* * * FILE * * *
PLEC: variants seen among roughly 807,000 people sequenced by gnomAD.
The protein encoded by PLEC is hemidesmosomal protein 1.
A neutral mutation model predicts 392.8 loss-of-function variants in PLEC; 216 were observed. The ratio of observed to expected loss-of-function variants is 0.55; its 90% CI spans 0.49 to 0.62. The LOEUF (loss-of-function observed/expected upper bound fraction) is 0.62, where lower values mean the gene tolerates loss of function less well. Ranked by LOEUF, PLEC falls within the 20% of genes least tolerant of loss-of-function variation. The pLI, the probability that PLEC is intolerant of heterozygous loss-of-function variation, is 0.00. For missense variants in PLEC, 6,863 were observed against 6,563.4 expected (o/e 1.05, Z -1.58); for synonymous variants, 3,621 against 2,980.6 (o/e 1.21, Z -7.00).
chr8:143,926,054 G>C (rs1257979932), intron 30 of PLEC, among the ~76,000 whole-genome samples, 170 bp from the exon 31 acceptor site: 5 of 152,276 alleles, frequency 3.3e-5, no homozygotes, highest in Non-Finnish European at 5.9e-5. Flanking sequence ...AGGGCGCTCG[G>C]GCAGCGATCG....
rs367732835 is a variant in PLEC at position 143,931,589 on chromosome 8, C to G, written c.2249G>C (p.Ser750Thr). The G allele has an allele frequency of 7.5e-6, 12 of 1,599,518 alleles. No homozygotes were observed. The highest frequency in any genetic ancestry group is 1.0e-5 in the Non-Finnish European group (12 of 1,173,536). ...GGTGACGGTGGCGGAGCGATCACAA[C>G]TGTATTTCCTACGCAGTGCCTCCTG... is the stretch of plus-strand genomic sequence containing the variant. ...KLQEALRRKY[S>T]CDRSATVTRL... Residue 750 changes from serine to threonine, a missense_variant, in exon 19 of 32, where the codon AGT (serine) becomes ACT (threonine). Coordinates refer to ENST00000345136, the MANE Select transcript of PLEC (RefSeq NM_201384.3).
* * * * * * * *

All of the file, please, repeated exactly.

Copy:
PLEC: variants seen among roughly 807,000 people sequenced by gnomAD.
The protein encoded by PLEC is hemidesmosomal protein 1.
A neutral mutation model predicts 392.8 loss-of-function variants in PLEC; 216 were observed. The ratio of observed to expected loss-of-function variants is 0.55; its 90% CI spans 0.49 to 0.62. The LOEUF (loss-of-function observed/expected upper bound fraction) is 0.62, where lower values mean the gene tolerates loss of function less well. Ranked by LOEUF, PLEC falls within the 20% of genes least tolerant of loss-of-function variation. The pLI, the probability that PLEC is intolerant of heterozygous loss-of-function variation, is 0.00. For missense variants in PLEC, 6,863 were observed against 6,563.4 expected (o/e 1.05, Z -1.58); for synonymous variants, 3,621 against 2,980.6 (o/e 1.21, Z -7.00).
chr8:143,926,054 G>C (rs1257979932), intron 30 of PLEC, among the ~76,000 whole-genome samples, 170 bp from the exon 31 acceptor site: 5 of 152,276 alleles, frequency 3.3e-5, no homozygotes, highest in Non-Finnish European at 5.9e-5. Flanking sequence ...AGGGCGCTCG[G>C]GCAGCGATCG....
rs367732835 is a variant in PLEC at position 143,931,589 on chromosome 8, C to G, written c.2249G>C (p.Ser750Thr). The G allele has an allele frequency of 7.5e-6, 12 of 1,599,518 alleles. No homozygotes were observed. The highest frequency in any genetic ancestry group is 1.0e-5 in the Non-Finnish European group (12 of 1,173,536). ...GGTGACGGTGGCGGAGCGATCACAA[C>G]TGTATTTCCTACGCAGTGCCTCCTG... is the stretch of plus-strand genomic sequence containing the variant. ...KLQEALRRKY[S>T]CDRSATVTRL... Residue 750 changes from serine to threonine, a missense_variant, in exon 19 of 32, where the codon AGT (serine) becomes ACT (threonine). Coordinates refer to ENST00000345136, the MANE Select transcript of PLEC (RefSeq NM_201384.3).